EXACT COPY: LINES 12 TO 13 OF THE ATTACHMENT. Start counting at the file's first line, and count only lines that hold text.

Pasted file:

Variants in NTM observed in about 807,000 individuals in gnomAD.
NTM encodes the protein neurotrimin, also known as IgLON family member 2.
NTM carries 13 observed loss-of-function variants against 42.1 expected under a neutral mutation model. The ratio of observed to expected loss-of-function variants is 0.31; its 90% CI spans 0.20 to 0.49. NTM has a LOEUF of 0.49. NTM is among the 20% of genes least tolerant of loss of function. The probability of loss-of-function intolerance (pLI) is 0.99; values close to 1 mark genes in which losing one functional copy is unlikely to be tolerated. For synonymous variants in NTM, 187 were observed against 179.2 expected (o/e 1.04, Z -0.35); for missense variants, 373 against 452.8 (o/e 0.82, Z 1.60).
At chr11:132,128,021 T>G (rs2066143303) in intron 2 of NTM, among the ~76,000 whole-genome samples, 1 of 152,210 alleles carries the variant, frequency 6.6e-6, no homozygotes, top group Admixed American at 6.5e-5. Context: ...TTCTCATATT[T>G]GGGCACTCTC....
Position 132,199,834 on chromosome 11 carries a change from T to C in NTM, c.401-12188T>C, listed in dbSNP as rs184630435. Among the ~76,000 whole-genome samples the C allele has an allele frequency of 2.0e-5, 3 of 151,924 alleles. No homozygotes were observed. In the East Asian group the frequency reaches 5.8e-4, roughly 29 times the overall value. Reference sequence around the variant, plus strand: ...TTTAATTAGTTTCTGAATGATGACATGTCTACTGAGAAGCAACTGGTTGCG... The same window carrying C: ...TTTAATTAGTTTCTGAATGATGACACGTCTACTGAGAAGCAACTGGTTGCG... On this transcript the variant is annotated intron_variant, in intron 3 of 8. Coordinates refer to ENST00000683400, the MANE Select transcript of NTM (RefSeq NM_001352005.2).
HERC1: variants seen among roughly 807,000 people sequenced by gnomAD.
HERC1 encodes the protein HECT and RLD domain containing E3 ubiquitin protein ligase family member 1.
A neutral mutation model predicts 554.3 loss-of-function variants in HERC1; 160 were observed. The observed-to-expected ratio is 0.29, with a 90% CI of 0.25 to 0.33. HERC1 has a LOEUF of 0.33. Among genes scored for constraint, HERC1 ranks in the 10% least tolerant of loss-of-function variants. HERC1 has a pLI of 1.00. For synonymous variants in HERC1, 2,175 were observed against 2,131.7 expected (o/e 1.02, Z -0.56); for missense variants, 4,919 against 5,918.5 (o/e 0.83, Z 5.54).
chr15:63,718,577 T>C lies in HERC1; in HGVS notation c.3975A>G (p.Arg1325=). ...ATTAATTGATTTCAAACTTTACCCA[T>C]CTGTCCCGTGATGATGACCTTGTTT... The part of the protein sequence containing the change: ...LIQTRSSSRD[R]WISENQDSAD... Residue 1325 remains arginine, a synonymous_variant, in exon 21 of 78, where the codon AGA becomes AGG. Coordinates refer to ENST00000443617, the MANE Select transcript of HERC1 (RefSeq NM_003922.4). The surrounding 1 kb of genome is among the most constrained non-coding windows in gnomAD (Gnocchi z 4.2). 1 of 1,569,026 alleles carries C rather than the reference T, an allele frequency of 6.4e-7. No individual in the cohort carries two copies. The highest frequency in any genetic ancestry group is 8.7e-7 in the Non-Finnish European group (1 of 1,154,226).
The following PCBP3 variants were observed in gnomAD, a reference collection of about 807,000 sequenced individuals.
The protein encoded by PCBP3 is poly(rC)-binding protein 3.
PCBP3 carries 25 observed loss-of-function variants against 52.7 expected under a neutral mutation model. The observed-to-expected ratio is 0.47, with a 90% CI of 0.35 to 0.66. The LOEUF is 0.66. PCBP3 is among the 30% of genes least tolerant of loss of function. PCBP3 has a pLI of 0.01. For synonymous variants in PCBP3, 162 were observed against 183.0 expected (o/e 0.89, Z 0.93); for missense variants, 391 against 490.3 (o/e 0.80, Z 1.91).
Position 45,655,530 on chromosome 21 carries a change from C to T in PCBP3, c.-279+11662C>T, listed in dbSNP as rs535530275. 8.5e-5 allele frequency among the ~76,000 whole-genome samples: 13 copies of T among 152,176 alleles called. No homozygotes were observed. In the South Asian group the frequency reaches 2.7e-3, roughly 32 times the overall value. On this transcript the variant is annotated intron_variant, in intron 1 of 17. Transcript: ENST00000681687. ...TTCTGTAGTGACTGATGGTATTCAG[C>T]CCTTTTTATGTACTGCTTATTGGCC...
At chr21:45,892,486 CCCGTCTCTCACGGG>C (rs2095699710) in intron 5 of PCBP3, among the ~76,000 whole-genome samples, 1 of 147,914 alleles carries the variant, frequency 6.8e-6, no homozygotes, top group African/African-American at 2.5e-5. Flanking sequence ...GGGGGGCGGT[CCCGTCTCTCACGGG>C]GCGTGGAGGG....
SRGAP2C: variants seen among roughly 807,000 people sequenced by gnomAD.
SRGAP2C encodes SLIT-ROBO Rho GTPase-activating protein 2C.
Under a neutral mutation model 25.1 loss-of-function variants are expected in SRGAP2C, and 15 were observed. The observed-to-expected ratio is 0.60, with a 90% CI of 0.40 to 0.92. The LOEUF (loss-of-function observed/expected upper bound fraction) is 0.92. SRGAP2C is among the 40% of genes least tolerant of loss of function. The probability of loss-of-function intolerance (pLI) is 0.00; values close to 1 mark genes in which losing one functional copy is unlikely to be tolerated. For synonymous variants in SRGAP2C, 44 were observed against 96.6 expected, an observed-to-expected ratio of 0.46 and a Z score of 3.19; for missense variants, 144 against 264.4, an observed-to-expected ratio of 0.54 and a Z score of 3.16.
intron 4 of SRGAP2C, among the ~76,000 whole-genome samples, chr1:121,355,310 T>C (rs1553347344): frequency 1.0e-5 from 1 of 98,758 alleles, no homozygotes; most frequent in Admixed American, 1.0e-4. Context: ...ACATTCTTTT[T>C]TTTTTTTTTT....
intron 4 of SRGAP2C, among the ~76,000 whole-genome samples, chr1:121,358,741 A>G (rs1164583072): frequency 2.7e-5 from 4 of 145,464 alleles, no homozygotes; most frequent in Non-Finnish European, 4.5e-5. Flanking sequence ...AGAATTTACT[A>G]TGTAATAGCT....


PCBP3 carries 25 observed loss-of-function variants against 52.7 expected under a neutral mutation model. The observed-to-expected ratio is 0.47, with a 90% CI of 0.35 to 0.66. The LOEUF is 0.66. PCBP3 is among the 30% of genes least tolerant of loss of function. PCBP3 has a pLI of 0.01. For synonymous variants in PCBP3, 162 were observed against 183.0 expected (o/e 0.89, Z 0.93); for missense variants, 391 against 490.3 (o/e 0.80, Z 1.91).
Position 45,655,530 on chromosome 21 carries a change from C to T in PCBP3, c.-279+11662C>T, listed in dbSNP as rs535530275. 8.5e-5 allele frequency among the ~76,000 whole-genome samples: 13 copies of T among 152,176 alleles called. No homozygotes were observed. In the South Asian group the frequency reaches 2.7e-3, roughly 32 times the overall value. On this transcript the variant is annotated intron_variant, in intron 1 of 17. Transcript: ENST00000681687. ...TTCTGTAGTGACTGATGGTATTCAG[C>T]CCTTTTTATGTACTGCTTATTGGCC...